Record-breaking NI Atlantic rowers ‘had not been in boat until March’

Alistair Cooper, Luke Baker, Gareth Barton and George McAlpin celebrate as they become the fastest Northern Irishmen in history to row across the Atlantic
Alistair Cooper, Luke Baker, Gareth Barton and George McAlpin celebrate as they become the fastest Northern Irishmen in history to row across the Atlantic

Four friends have become the fastest Northern Irishmen in history to row across the Atlantic – despite being plagued by 40-foot waves, bizarre hallucinations and dental trouble.

The quartet of George McAlpin, 57, Alistair Cooper, 41, Luke Baker, 37, and Gareth Barton, 31 completed the 3,000-mile Talisker Whisky Atlantic Challenge in 31 days.

The quartet, George McAlpin, 57, Alistair Cooper, 41, Luke Baker, 37, and Gareth Barton, 31, completed the 3,000-mile Talisker Whisky Atlantic Challenge in just 31 days

The quartet, George McAlpin, 57, Alistair Cooper, 41, Luke Baker, 37, and Gareth Barton, 31, completed the 3,000-mile Talisker Whisky Atlantic Challenge in just 31 days

The Northern Irish team landed at the Caribbean island of Antigua to a heroes’ welcome, having spent over four weeks battling fatigue and the worst weather mother nature could hurl at their seven-metre long fibreglass vessel.

The team, named Home To Portrush in honour of the coastal town where they are based, sported deep, all-over tans as they took their first steps on land since leaving La Gomera harbour in the Canary Islands on December 14.

The overall winners – British team the Four Oarsmen – finished two days ahead of them.

Mr McAlpin said: “It was nothing like we expected, we knew there would be big waves and strong winds but nothing like we could have imagined.

George McAlpin, Gareth Barton, Alistair Cooper and Luke Baker celebrate on their arrival in Antigua

George McAlpin, Gareth Barton, Alistair Cooper and Luke Baker celebrate on their arrival in Antigua

“There were some scary moments out in the Atlantic, but being able to speak to our families back home, especially, for me, my daughter, really motivated us to keep going.

“We had some odd hallucinations as a result of sleep deprivation, where Gareth had an entire conversation with a life jacket, and I struggled with some dental issues, but we pulled together as a team to overcome all struggles and everything the Atlantic could throw at us.”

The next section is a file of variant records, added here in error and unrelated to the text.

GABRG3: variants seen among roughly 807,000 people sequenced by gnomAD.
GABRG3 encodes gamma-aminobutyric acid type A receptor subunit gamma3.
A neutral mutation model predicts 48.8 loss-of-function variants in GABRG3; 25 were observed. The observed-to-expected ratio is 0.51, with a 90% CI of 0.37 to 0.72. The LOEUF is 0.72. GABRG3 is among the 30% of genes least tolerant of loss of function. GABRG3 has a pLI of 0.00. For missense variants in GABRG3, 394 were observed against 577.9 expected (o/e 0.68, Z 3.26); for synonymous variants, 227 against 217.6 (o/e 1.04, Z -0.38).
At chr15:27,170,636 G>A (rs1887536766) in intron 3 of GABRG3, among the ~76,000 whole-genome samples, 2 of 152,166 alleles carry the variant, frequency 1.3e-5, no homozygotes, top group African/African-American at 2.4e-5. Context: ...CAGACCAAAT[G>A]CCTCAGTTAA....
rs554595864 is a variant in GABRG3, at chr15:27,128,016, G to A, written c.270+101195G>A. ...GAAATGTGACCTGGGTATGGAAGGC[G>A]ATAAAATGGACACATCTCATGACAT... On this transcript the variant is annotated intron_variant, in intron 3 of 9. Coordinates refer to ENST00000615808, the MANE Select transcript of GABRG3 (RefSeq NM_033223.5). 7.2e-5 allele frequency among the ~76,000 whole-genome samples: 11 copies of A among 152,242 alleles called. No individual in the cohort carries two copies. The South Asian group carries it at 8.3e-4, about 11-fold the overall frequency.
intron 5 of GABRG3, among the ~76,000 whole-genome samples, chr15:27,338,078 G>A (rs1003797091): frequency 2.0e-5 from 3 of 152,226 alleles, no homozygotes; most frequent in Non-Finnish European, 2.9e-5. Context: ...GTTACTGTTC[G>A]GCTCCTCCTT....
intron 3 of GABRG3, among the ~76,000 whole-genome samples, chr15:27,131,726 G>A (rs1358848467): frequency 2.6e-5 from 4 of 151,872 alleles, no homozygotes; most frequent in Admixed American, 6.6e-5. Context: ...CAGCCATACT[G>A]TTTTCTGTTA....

The team – linked by their love of the north coast and of the sea – took on the challenge, dubbed the world’s toughest rowing race, to raise money for the RNLI Portrush Lifeboat, Willie’s Orphan Fund, the Northern Ireland Children to Lapland Trust and Rowing for Ross.

Anthony Chambers, a mechanic and crew member at Portrush lifeboat station, said he was “gobsmacked” to learn how quickly they had crossed the Atlantic.

Luke Baker, Gareth Barton, Alistair Cooper and George McAlpin have targeted raising �25,000 for charity

Luke Baker, Gareth Barton, Alistair Cooper and George McAlpin have targeted raising �25,000 for charity

He said: “I never saw that coming. I knew they would do it, they’re that sort of people, but to do it in that speed has shocked me.”

Mr Chambers added: “They’d never been in a boat until March. They’re complete amateurs. It just shows you what can be done if you put your mind to it.

“The last I heard from them was when they rang me from mid Atlantic on New Year’s Eve to wish me a happy birthday.”

Willie Gregg from Willie’s Orphan Fund, one of the charity beneficiaries, said of the crew: “These are true local heroes – they are amateurs performing like athletes.”

The challenge took the rowers more than 3,000 miles west from San Sebastian in La Gomera, Canary Islands to Nelson’s Dockyard English Harbour in Antigua and Barbuda.

The four men’s aim in undertaking the challenge is to raise £25,000 for their chosen charities.

At the time of writing they needed less than £5,000 to meet that target.

Despite their amateur status, the crew made remarkable progress and having got into fifth position in the international field, remained there until they arrived in Antigua on Sunday.

Their vessel measures seven metres long and just under two metres wide with only a small cabin for protection against storms.

In a Facebook post in December the crew talked about the hazards of the open sea.

“While the winds are good and behind us it does make for some big following waves. Our boat rides them well and we are always strapped in with our harnesses. At night it is obviously more difficult as we can’t see the waves coming and we have all had our fair share of soakings from rogue waves.

“We haven’t saw any other ships in days and while we tried our luck with some hand line fishing the fish that took the hook was that big that it jerked the boat and broke the line so fishing during this trip is over.

“All good fishermen have their stories of the one that got away and this is ours!”